[+Gene Robinson acknowledging applause from the congregation at the greetings: Photo San Tang/AP]
A morning-after round up of news and blog coverage of yesterday's Eucharist organized by Changing Attitude and Integrity on the "fringe" of the Lambeth Conference.
New York Times: About 200 worshipers, including many of the American bishops who attended the earlier Eucharist at the cathedral, held a service before a roughly carpentered wooden cross, then lingered over a picnic. Bishop Robinson, surrounded by well-wishers, declined to give interviews, apparently keen to let only his presence speak. In a radio interview with the BBC last week, he said he had not come to England to disrupt the Lambeth Conference but rather to make the case for gay men and lesbians in the clergy in as civil a manner as possible.
The Guardian, reporting on the "inclusive nature" of the opening service at the cathedral in Canterbury also noted: This inclusivity did not extend to Robinson, who did not receive an official invitation. He spent the afternoon at an open-air communion and picnic, in the company of a gay and lesbian Christian lobby group from the US. (And for the record, the unnamed "female Bishop" pictured in the Guardian story is Mary Gray Reeves of El Camino Real.)
The Independent reported: A field in Canterbury saw the first appearance of Gene Robinson, the media-friendly openly gay bishop who has timed a visit to the city to coincide with the conference to which he was not invited. The controversial bishop was attending a gay and lesbian service outside St Stephen's Church near the university.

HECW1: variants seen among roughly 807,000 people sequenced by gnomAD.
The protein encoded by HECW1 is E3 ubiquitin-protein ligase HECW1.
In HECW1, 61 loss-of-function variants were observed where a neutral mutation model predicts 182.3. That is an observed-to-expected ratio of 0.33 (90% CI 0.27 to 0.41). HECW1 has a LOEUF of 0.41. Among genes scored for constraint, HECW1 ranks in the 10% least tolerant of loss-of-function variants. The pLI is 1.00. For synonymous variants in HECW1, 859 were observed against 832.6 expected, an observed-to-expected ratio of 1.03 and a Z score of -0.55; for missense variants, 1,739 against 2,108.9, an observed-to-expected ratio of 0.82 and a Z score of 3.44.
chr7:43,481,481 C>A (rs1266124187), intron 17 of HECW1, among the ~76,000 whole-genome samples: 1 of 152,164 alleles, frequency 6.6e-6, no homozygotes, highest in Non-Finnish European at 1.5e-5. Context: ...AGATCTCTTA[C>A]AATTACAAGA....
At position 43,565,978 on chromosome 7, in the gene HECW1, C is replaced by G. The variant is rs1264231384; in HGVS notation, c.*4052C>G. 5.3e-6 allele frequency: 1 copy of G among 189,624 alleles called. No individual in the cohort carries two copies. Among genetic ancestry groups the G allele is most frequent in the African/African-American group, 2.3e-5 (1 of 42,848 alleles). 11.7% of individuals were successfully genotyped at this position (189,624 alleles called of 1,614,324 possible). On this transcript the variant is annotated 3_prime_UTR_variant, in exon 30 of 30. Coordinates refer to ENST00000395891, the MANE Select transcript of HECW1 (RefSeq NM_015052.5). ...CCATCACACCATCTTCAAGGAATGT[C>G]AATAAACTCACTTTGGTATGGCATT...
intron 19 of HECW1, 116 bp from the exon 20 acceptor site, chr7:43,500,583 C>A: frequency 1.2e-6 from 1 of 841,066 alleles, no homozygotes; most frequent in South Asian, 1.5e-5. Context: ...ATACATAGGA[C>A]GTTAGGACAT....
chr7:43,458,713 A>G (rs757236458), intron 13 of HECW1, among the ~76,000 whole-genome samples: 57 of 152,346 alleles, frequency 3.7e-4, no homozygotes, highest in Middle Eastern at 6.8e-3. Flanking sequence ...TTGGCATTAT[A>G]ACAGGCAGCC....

However, in a sign of the near-universal unity of the church at this stage, the event was not presided over by Bishop Robinson. Instead, Colin Coward, the head of Changing Attitude, and Susan Russell, president of Integrity, the equivalent group in the US, presided and preached.
And the Times included this note in the report on the official opening service: Bishop Robinson was not at the service, because he has not been invited to the conference. Instead, he attended an open air communion and picnic organised by the lesbian and gay Christian community at nearby St Stephen's. The US gay lobby group Integrity will this week launch a new video featuring real-life case studies of gay Africans telling their stories of why they had no choice over their sexuality but still consider themselves part of God's natural creation. (Love the Voices of Witness Africa plug!)
As noted last night, the BBC covered our service on the nightly news ... video clip available here.
Episcopal Life was there, reporting: About 33 bishops, including Robinson, were part of the procession at a Eucharist in a nearby field within view of the cathedral towers that celebrated the gifts of lesbian, gay, bisexual and transgendered Anglicans. The Rev. Susan Russell, president of the gay-support group Integrity USA, said in her sermon that her listeners should "tell the truth about the very real gaps that exist among the experiences, world views and theologies of many members of the Anglican Communion."
After the service, retired bishop Christopher Senyonjo of Uganda said that "being part of humanity, humans should be working together in spite of differences." African churches have been prominent in the conservative movement. Davis MacIyalla, director of the gay-support group Changing Attitude Nigeria, said, "it was important for me to be here today to celebrate Christ's love without any form of discrimination. It was important for me to be here as an African Anglican."
And ENS has made available the sermon from yesterday online on its Multimedia-Video page -- Susan Russell preaches at Changing Attitude/Integrity service(07/20/08)
Bloggers making comment included:
Canterbury Tales from the Fringe
Bishop of Olympia